It is as if the last 250 years of history and political thought had not happened. As if it were possible to believe, after Smith and Madison ― not to mention Robespierre ― that public good is achieved by virtuous agents rather than by competition and ambition counteracting ambition. As if it were possible to claim, regardless of Constant and Berlin, that rules that a majority imposes on a minority not really an imposition and an interference with liberty. As if it were possible to maintain, despite Friedman and public choice theory, that a state-backed monopoly is not self-interested and syndicalist, working to exclude competition and raise prices for its services. Or, if Mr. Tarantino does not actually believe that such things are generally true, he must then suppose that lawyers, of all, people, are uniquely immune to the fallibility of other human beings. This is the sort of presumption, as self-serving as it is vainglorious, that Mr. Kay rightly decried.

Moreover, Mr. Tarantino’s argument involves a rhetorical sleight of hand. The lawyers’ power, of which he makes so much, is mostly not collective, as he suggests, but individual. It is not the legal profession acting as a united whole that drafts statutes, prosecutes alleged criminals, adjudicates disputes in administrative tribunals, or handles the personal and financial affairs of vulnerable clients. It is individual lawyers or, at most, firms. In any litigation, there are two sides ― normally, though admittedly not always, each with its own lawyer. When lawyers draft or apply rules that bind citizens, other lawyers are ready to challenge these rules or their application. If a lawyer mishandles a client’s case, another can be retained ― including to sue the first. (This is not to make light of the possibility and cost of mistakes or incompetence, of course. Still, the point is that a mistaken or even incompetent lawyer does not represent the profession as a whole.) The one circumstance when lawyers do act collectively is when they act through the Law Society. When the Law Society exacts compliance with its demands, that is the profession exercising power ― backed up by the armed force of the state. That is where we really ought to worry about power being exercised unethically. And in my view ― though perhaps not in Mr. Tarantino’s ― the exercise of power to impose ideological conformity on those subject to it is unethical and indeed oppressive.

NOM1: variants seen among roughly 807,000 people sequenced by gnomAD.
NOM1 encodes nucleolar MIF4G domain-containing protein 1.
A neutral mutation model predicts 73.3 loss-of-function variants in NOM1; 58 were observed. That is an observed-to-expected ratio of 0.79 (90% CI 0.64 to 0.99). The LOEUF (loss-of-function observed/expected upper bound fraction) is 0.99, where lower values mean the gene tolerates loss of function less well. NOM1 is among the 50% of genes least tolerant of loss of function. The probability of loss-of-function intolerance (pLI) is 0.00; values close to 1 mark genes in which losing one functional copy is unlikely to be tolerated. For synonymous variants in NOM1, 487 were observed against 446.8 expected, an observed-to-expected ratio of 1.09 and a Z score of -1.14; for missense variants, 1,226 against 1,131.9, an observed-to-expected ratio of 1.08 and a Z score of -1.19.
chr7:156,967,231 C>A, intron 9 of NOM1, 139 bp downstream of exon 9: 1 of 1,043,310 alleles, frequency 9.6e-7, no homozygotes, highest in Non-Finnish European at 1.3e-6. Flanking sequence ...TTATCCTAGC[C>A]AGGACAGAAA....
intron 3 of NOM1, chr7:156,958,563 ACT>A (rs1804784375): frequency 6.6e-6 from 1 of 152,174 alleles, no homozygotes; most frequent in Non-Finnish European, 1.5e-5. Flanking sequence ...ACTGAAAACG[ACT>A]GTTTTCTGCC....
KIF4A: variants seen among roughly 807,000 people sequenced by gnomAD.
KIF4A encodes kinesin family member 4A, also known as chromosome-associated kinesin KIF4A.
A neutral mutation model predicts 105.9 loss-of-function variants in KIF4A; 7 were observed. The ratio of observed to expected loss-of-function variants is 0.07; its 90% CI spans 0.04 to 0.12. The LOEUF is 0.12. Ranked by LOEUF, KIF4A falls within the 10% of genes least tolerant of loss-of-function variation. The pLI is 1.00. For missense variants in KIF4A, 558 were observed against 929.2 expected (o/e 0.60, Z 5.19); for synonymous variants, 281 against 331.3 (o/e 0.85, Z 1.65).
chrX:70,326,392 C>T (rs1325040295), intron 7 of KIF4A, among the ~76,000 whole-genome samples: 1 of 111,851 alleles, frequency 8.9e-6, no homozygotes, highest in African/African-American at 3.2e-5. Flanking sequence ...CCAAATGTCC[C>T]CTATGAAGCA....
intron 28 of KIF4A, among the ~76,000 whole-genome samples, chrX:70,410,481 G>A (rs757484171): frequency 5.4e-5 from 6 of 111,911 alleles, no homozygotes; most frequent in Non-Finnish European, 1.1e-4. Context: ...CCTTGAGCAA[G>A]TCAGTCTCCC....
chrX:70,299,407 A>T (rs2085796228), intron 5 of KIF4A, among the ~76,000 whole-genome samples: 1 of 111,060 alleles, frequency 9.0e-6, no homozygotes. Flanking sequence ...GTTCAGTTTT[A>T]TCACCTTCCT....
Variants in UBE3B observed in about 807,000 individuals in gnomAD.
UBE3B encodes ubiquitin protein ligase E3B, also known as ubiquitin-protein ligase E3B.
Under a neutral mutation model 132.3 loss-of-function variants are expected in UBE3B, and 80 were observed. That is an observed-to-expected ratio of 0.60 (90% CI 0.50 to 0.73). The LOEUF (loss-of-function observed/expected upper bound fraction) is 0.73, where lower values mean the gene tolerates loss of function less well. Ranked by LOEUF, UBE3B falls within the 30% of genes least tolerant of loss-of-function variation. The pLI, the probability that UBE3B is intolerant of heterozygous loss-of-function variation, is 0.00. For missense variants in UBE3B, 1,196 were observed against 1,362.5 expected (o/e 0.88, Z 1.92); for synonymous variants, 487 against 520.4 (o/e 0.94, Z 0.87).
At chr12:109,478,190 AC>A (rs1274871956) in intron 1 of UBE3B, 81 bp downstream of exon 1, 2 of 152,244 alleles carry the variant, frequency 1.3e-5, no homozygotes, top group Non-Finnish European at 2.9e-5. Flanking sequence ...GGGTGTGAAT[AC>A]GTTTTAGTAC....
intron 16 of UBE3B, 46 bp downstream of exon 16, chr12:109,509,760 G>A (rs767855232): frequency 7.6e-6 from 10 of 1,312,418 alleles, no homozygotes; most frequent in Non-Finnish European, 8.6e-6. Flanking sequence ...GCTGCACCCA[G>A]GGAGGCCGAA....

Unlike many other defenders of the Law Society, Mr. Tarantino has the merit of not trying to minimize the seriousness of what is going on. His first post contained a forthright admission that the Law Society’s demands amount to a values test for membership in the legal profession. His latest doubles down on this admission, and makes clear that it the Law Society’s actions rest on a conception of public power that is paternalistic, confident both of its own moral superiority and of its ability to make others virtuous, and takes no notice of disagreement or dissent. Those who do not like how this power is exercised can simply get out and leave the legal profession ― and find some other way of making a living. Many of those who support the Law Society seem to be surprised by the force of the opposition which its latest demands have provoked. Perhaps, thanks to Mr. Tarantino’s posts, they can understand better.